Same as avoiding malware on Windows. While the risk of getting malware on Linux is greatly reduced, One must exercise caution with Email attachments, Sites you visit, Disable Flash and Java if you don't need it.

 

You may want to read this.

[Guide] Practical GNU/Linux Security – Desktop Edition

 

.


Edited by NickAu, 22 March 2015 - 04:54 AM.

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#9 SuperSapien64

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Posted 22 March 2015 - 10:56 AM

 

 

I prefer Ubuntu Tweak.

Please explain what Ubuntu Tweak is.

 

 

 

Same as avoiding malware on Windows. While the risk of getting malware on Linux is greatly reduced, One must exercise caution with Email attachments, Sites you visit, Disable Flash and Java if you don't need it.
 

 

Which I do Firefox is configured to ask only for plug-ins, hardware acceleration is disabled, Noscript Request Policy, HTTPS Everywhere Free Memory Click & Clean, WOT and Bluehell Firewall to help block malicious domains. Not to mention the apparmor is configured for Firefox and other profiles.

 

BTW I just installed RKhunter and it found nothing.

.

 

 

 

Except if your dual booting with Windows then having something like Eset Nod32 or BitDefender on your system would be wise.

Indeed, that would ordinarily be wise, but I only keep Windows for a couple of games, (which I haven't even played since last year) and everything else is on my Linux partitions. So I would rather not have any anti-virus software slowing Windows down, as the worst that could happen is that I would have to reformat my Windows partition and re-install Windows and the games.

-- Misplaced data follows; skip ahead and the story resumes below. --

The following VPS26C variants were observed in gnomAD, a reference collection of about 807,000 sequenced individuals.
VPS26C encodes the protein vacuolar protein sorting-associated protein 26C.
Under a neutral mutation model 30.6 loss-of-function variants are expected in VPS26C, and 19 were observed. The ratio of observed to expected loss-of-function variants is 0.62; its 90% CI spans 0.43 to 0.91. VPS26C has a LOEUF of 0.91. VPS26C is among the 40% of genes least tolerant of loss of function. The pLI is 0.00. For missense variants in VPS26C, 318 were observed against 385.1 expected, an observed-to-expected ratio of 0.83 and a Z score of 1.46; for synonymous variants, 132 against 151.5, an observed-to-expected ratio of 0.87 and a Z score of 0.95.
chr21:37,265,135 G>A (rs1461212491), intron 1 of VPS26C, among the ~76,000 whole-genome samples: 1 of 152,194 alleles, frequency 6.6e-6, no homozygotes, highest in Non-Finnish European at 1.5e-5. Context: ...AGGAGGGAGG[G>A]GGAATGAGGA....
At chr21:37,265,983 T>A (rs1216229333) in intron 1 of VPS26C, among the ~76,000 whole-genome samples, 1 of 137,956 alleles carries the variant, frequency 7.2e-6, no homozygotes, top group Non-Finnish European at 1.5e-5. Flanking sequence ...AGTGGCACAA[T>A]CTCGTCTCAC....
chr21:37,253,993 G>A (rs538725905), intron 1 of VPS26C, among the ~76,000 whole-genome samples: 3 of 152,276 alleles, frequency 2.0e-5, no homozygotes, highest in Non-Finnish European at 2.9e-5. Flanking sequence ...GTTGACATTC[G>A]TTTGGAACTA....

You've reminded me that I also have BitDefender (and DrWeb) on live CDs.

 

 

Agreed Live CD/thumb-drive AVs/AMs are nice when you need to scan your system for possible infections.



#10 SuperSapien64

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Posted 24 March 2015 - 09:21 AM

Has anyone tried Justbrowsing? It's a live Arch based environment and it comes in two variations Firefox and Chrome, and nothing is saved to disc because it has its own isolated file system.

#11 Loki123

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Posted 14 April 2015 - 10:44 PM

 

I've never been much for using ClamAV or any other security tools aside from a firewall. I don't see the purpose. I use the same sites all the time, install everything from official repositories and am not playing around with much that I don't feel safe with using.

 

Except if your dual booting with Windows then having something like Eset Nod32 or BitDefender on your system would be wise.

 

 

Malware downloaded on the HDD by the Linux distribution should not affect the Windows as windows can't touch the Linux partition and then Windows executables can't be run on Linux without help of Wine or other compatibility layers or virtual machine.

 

As long as you don't have Wine I would assume you are safe, as linux can only realistically be infected through use of Wine by windows malware. Unless you mind giving me new infromation on that matter.



#12 rp88

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Posted 15 April 2015 - 09:22 AM

If one does have wine on linux for running a few windows programs in, how do you defend yourself then? Is making sure that those windows programs in wine never go online enough to prevent infection?
Back on this site, for a while anyway, been so busy the last year.

My systems:2 laptops, intel i3 processors, windows 8.1 installed on the hard-drive and linux mint 17.3 MATE installed to USB

#13 Loki123

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Posted 15 April 2015 - 10:17 AM

If one does have wine on linux for running a few windows programs in, how do you defend yourself then? Is making sure that those windows programs in wine never go online enough to prevent infection?

 

No. Having an Anti Virus such as ClamAV, Nod32 or Kaspersky is how you can prevent or detect infections on applications that are being run under Wine.

Malware does not require internet access to do harm.